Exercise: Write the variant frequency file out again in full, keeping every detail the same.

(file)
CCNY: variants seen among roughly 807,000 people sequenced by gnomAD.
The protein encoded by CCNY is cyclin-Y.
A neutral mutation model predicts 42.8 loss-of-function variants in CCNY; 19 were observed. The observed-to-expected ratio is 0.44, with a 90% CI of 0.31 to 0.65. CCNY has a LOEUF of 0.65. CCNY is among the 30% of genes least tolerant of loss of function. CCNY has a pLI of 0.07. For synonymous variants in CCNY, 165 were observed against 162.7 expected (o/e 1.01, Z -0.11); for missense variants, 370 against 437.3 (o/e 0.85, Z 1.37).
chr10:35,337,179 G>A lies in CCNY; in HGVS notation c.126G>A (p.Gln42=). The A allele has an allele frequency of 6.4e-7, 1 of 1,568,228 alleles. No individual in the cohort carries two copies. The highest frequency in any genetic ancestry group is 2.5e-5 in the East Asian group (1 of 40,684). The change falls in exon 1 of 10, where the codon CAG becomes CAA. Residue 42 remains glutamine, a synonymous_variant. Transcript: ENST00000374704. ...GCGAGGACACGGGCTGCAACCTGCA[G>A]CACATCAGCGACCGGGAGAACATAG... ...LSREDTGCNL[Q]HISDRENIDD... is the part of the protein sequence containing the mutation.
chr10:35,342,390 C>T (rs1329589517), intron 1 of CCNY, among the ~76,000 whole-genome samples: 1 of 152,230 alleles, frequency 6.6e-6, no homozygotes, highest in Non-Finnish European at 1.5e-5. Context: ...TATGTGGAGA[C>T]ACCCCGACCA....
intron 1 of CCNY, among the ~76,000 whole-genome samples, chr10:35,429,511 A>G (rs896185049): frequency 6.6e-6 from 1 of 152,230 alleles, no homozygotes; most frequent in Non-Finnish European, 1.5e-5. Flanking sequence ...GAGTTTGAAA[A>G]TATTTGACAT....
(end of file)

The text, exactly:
CCNY: variants seen among roughly 807,000 people sequenced by gnomAD.
The protein encoded by CCNY is cyclin-Y.
A neutral mutation model predicts 42.8 loss-of-function variants in CCNY; 19 were observed. The observed-to-expected ratio is 0.44, with a 90% CI of 0.31 to 0.65. CCNY has a LOEUF of 0.65. CCNY is among the 30% of genes least tolerant of loss of function. CCNY has a pLI of 0.07. For synonymous variants in CCNY, 165 were observed against 162.7 expected (o/e 1.01, Z -0.11); for missense variants, 370 against 437.3 (o/e 0.85, Z 1.37).
chr10:35,337,179 G>A lies in CCNY; in HGVS notation c.126G>A (p.Gln42=). The A allele has an allele frequency of 6.4e-7, 1 of 1,568,228 alleles. No individual in the cohort carries two copies. The highest frequency in any genetic ancestry group is 2.5e-5 in the East Asian group (1 of 40,684). The change falls in exon 1 of 10, where the codon CAG becomes CAA. Residue 42 remains glutamine, a synonymous_variant. Transcript: ENST00000374704. ...GCGAGGACACGGGCTGCAACCTGCA[G>A]CACATCAGCGACCGGGAGAACATAG... ...LSREDTGCNL[Q]HISDRENIDD... is the part of the protein sequence containing the mutation.
chr10:35,342,390 C>T (rs1329589517), intron 1 of CCNY, among the ~76,000 whole-genome samples: 1 of 152,230 alleles, frequency 6.6e-6, no homozygotes, highest in Non-Finnish European at 1.5e-5. Context: ...TATGTGGAGA[C>T]ACCCCGACCA....
intron 1 of CCNY, among the ~76,000 whole-genome samples, chr10:35,429,511 A>G (rs896185049): frequency 6.6e-6 from 1 of 152,230 alleles, no homozygotes; most frequent in Non-Finnish European, 1.5e-5. Flanking sequence ...GAGTTTGAAA[A>G]TATTTGACAT....